I’ve taught graphical plotting of thermodynamic properties for over a decade now. It wasn’t until I went back and read Gibbs’ original paper from 1873 “Representation By Surfaces of the Thermodynamic Properties of Substances” that I realized the significance of these methods to the history of thermodynamics. By 1873 it was well established that the useful work production from a substance was related by the change in U + Pv, what was also known was the degradation of this useful work by the change in TS. As Gibbs began trying to relate these to the property surface for water, he realized that the change in the combination of the properties U + Pv – TS was 0 while the fluid was stationary, known as equilibrium, and negative when the fluid was spontaneously changing phase at constant temperature and pressure. He and Maxwell developed the following figures based on this realization:
James Clerk Maxwell famously molded the surface from plaster and mailed copies to his scholarly friends to aid in visualizing the phase change problem. The figure in the middle is particularly useful. In this original figure, drawn at a single value of volume (density), η is entropy (S), ε is internal energy (U), and A is the original state of the fluid (at any given point it has a single value for internal energy and entropy). From this, Gibbs realized that the line MN represents the total amount of energy that would be dissipated as heat if you wasted the potential to do something, AB is the maximum amount of work available (also known as exergy, or Helmholtz energy in this context) if no entropy is generated, AC is the maximum amount of entropy that could be generated without changing internal energy or density.
Extending Gibbs energy beyond thermodynamics
Gibbs had a pretty good idea for the significance of his new property. Ultimately he could predict phase change throughout nature, not only fluids but solid materials, biological materials, and more. In 1891, Irving Fisher, one of Gibbs’ Ph.D. students finished a dissertation titled “Mathematical Investigations in the Theory of Value and Prices” that drew a direct analogy between Gibbs’ equilibrium in physical and chemical systems and the equilibrium of financial markets in social systems. The work ultimately influenced Nobel Laureate Paul Samuelson who published a seminal treatise, “Foundations of Economic Analysis” which heavily utilized principles of equilibrium, vector analysis, and probability. The Physicist and economist Robert Ayres has completed extensive work on thermodynamic equilibrium theories in economic systems. If we invented economics and money to aid in social exchanges, and invented economic properties like inflation to cope with physical phenomena like entropy, it’s not a far extension to imagine how these same thermodynamic laws directly transfer to social space.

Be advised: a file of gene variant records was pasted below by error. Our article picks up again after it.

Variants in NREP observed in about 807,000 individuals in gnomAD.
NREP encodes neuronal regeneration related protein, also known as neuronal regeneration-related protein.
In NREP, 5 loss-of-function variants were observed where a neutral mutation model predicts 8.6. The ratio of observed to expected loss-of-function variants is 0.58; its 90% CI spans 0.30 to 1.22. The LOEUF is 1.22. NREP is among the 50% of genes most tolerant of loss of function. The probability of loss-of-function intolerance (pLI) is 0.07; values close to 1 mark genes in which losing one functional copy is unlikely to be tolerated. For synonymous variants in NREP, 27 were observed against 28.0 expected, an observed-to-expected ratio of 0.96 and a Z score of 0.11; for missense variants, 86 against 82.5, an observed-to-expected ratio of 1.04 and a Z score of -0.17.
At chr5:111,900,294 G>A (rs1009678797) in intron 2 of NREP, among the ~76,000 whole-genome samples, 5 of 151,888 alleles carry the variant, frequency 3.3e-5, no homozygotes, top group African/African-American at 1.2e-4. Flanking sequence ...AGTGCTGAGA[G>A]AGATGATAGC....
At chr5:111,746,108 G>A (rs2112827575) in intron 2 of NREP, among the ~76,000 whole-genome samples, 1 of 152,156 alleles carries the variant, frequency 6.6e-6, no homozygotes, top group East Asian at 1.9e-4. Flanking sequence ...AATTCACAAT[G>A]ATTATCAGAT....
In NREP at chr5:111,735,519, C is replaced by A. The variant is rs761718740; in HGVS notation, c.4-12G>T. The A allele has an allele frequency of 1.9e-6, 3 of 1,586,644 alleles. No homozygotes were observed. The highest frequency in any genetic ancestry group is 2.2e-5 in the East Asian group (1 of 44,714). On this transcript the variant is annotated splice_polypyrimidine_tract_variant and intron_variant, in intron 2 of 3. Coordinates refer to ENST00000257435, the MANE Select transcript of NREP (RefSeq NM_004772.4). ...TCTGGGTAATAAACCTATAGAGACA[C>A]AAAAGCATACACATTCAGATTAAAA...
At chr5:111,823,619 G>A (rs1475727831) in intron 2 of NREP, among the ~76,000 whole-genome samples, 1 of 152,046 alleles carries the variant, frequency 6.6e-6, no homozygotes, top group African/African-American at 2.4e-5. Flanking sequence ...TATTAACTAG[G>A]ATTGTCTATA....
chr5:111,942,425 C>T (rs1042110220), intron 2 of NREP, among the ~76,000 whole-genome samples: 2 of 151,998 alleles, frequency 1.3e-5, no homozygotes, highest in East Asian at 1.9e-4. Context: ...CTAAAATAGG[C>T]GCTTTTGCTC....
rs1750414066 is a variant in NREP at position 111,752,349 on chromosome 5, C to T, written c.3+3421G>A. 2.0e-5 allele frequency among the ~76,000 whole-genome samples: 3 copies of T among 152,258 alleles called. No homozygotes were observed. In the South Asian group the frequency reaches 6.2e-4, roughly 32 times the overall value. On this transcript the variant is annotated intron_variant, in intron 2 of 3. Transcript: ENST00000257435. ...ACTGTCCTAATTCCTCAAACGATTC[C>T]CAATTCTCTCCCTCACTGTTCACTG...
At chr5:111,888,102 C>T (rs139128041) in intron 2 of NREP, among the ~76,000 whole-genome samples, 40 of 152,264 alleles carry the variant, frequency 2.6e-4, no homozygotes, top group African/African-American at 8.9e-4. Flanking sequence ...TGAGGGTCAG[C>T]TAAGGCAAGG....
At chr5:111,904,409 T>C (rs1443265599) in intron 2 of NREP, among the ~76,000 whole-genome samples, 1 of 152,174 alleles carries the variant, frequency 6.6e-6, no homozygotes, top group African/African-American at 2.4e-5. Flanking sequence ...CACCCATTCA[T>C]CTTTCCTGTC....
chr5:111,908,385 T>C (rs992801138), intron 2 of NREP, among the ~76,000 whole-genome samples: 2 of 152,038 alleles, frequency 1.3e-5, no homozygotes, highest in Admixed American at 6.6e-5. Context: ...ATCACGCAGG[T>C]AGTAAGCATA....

Gibbs Energy in Social Space
Once I had equated empathy with social entropy, the question became how to represent the other common thermodynamic properties in social space. In April 2016 I had an epiphany one morning and just listed all of the properties off.
Internal Energy (U) –> value evolution
The values a society aspires towards (whether adopted or imposed) are directly related to the spiral memes that correspond to how the society transfers knowledge. The more evolved the value set, the higher the degree of plasticity and movement between value sets that is possible. For example, the Gross Domestic Product (GDP) is how the US and most Western societies gauge progress and fits in with the Performance v-Meme. The Gross National Happiness Index (GNHI) is the metric that Bhutan adopted to gauge progress and the sustainable values necessary for this small nation fall primarily into the Communitarian v-Meme, but yet require a modest GDP to achieve. The desires/perceived needs by society are also relative to a reference state, the GDP of the US is very different from Japan, etc. Just like entropy, internal energy meters don’t exist and change is relative. But change does indicate momentum, whether for better or worse.
Temperature (T) –> Energy/resources
Temperature is defined as the statistical average speed of particles in a system. As the temperature goes up, the more energy modes that can be awakened.
As temperature approaches absolute zero, molecules (people) cannot do anything but worry about survival and quantized (think mirroring) behavior dominates. This is the lowest Sprial vMemes structure above. Think a homeless person here, while at first glance you think they have the most freedom, the reality is they don’t have the resources to do anything.
With sufficient temperature enough energy/resources are available to energize more complex storage and communication modes.
Heat Capacity (Cv) -> Capacity for conceptual understanding of a topic